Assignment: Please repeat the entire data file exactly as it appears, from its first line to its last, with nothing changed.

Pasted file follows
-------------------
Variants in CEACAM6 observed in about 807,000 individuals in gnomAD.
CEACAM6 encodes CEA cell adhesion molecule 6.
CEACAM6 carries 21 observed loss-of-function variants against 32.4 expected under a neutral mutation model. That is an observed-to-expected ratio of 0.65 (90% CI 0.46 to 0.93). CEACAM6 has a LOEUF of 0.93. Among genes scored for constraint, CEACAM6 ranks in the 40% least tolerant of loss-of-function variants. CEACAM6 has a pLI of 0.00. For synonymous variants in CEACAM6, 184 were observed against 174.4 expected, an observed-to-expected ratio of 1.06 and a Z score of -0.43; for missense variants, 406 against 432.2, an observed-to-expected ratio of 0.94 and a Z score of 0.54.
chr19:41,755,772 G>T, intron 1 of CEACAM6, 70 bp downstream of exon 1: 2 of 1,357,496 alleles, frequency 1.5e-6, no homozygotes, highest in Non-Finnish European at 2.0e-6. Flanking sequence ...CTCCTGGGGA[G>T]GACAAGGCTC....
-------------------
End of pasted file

Variants in CEACAM6 observed in about 807,000 individuals in gnomAD.
CEACAM6 encodes CEA cell adhesion molecule 6.
CEACAM6 carries 21 observed loss-of-function variants against 32.4 expected under a neutral mutation model. That is an observed-to-expected ratio of 0.65 (90% CI 0.46 to 0.93). CEACAM6 has a LOEUF of 0.93. Among genes scored for constraint, CEACAM6 ranks in the 40% least tolerant of loss-of-function variants. CEACAM6 has a pLI of 0.00. For synonymous variants in CEACAM6, 184 were observed against 174.4 expected, an observed-to-expected ratio of 1.06 and a Z score of -0.43; for missense variants, 406 against 432.2, an observed-to-expected ratio of 0.94 and a Z score of 0.54.
chr19:41,755,772 G>T, intron 1 of CEACAM6, 70 bp downstream of exon 1: 2 of 1,357,496 alleles, frequency 1.5e-6, no homozygotes, highest in Non-Finnish European at 2.0e-6. Flanking sequence ...CTCCTGGGGA[G>T]GACAAGGCTC....